NCPA - National Center for Policy Analysis


December 16, 2005

Statistics released by the Louisiana Department of Health and Hospitals suggest that fewer than half of the victims of Hurricane Katrina were black, and that whites died at the highest rate of all races in New Orleans.

In the aftermath of the storm, some were quick to allege that the Bush administration delayed its response to the catastrophe because most of the victims were black.

But the state's demographic information suggests that whites in New Orleans died at a higher rate than minorities.

  • According to the 2000 census, whites make up 28 percent of the city's population, but the Louisiana Department of Health and Hospitals indicates that whites constitute 36.6 percent of the storm's fatalities in the city.
  • African-Americans make up 67.25 percent of the population and 59.1 percent of the deceased.
  • Other minorities constitute approximately 5 percent of the population and represented 4.3 percent of the storm's fatalities.

Overall for the state, 658 bodies have been identified; 47 percent were African-American and 42 percent were Caucasian; the remaining bodies were either non-black minorities or undetermined.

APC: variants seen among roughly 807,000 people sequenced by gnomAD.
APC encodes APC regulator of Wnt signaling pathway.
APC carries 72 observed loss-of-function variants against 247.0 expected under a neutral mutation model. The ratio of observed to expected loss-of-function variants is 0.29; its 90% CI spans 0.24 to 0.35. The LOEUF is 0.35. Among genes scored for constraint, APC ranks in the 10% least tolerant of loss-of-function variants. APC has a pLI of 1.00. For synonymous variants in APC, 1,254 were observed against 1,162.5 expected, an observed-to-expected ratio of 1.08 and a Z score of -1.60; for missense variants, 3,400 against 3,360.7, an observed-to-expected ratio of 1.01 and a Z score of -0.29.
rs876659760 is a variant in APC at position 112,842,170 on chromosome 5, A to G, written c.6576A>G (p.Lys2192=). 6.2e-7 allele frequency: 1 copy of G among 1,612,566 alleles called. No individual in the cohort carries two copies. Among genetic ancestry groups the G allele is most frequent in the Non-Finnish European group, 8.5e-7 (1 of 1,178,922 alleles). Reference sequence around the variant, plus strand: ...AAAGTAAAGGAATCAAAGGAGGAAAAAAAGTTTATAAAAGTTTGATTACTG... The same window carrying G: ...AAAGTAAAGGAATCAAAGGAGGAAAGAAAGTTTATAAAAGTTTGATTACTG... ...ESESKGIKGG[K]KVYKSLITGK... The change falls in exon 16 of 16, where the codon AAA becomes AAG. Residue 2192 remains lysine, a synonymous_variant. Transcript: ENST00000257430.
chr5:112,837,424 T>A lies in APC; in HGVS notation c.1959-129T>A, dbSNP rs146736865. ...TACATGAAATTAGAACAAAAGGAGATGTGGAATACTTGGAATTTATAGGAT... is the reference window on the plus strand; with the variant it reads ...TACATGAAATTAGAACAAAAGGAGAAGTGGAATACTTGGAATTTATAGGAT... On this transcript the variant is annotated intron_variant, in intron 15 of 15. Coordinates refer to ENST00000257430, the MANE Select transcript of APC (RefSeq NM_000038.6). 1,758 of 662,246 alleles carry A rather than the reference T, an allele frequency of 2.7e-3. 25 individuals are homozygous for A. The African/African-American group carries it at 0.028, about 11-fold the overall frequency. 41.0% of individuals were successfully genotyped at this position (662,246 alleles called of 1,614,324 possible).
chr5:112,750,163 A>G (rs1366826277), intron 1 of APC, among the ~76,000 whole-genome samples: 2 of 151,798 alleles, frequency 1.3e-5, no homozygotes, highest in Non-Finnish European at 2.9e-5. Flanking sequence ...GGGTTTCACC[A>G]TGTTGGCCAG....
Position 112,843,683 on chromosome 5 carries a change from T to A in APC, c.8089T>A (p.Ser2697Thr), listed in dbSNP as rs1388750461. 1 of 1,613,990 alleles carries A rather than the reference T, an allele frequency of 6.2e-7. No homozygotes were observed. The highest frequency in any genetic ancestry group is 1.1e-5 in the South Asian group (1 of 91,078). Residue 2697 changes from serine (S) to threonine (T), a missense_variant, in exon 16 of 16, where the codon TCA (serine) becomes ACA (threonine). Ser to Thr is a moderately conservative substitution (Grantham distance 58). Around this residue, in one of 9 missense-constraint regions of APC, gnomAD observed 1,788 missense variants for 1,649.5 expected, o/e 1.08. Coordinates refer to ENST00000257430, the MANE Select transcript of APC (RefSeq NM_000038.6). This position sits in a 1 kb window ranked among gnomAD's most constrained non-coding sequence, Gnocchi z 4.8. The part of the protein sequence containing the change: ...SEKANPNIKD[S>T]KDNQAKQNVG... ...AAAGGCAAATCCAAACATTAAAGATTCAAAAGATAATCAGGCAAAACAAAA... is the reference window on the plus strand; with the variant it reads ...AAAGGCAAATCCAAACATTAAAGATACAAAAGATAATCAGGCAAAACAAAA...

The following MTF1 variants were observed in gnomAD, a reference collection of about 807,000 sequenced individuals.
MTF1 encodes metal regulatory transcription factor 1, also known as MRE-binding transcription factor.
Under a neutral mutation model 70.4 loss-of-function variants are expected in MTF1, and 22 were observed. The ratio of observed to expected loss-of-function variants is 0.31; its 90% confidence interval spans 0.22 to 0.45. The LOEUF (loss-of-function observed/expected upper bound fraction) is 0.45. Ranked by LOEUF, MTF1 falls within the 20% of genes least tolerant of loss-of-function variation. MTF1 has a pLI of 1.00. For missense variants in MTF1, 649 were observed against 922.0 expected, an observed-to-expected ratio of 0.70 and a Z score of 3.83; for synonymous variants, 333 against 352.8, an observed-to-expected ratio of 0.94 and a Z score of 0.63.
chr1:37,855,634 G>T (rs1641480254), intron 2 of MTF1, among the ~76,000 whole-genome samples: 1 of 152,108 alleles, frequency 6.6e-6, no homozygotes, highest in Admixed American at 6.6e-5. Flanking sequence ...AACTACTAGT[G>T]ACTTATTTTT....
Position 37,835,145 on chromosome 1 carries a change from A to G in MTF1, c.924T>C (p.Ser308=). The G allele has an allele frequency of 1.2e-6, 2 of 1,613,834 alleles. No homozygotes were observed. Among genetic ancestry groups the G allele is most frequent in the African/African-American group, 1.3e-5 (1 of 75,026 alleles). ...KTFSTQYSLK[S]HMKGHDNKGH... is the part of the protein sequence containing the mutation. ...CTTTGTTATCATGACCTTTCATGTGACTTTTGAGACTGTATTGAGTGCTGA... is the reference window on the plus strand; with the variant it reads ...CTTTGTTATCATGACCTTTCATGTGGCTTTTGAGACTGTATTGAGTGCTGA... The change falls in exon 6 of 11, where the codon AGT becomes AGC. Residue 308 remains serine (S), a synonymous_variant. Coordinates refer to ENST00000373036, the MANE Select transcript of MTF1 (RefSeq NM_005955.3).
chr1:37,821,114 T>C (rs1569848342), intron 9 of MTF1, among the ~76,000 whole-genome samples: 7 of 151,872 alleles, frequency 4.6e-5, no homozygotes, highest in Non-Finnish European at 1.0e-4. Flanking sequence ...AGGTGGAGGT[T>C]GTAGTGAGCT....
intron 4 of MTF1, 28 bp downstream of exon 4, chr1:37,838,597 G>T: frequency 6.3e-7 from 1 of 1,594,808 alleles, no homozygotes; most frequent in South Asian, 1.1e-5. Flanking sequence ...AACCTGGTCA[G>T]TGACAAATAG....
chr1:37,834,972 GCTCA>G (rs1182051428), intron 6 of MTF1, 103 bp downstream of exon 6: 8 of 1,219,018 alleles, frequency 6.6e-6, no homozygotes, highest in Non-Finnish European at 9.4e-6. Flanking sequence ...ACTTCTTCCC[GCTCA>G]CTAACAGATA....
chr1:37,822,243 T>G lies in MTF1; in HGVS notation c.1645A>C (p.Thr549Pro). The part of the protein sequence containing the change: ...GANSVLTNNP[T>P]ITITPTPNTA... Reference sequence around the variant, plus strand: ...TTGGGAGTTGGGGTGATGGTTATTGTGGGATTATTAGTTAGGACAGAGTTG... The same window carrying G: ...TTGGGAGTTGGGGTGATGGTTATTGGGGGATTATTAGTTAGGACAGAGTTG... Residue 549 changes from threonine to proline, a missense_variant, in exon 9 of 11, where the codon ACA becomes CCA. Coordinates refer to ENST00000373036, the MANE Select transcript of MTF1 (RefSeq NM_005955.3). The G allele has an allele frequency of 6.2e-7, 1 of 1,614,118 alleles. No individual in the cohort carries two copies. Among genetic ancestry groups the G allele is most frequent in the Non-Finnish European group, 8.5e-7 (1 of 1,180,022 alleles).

An additional 247 victims have not been identified, so their demographic information has not been released.

The data showed that the majority of Katrina's victims lived in the Orleans parish. The nearby St. Bernard and Jefferson parishes had 91 and 25 victims, respectively.

The storm also did not discriminate based on gender: 50 percent of the victims were male and 49 percent were female, with 1 percent being undetermined.

Source: Nathan Burchfiel, "Statistics Suggest Race Not a Factor in Katrina Deaths," Cybercast News Service, December 14, 2005; based upon: "Vital Statistics of All Bodies at St. Gabriel Morgue," Louisiana Department of Health and Hospitals, December 13, 2005.

For LDHH statistics:


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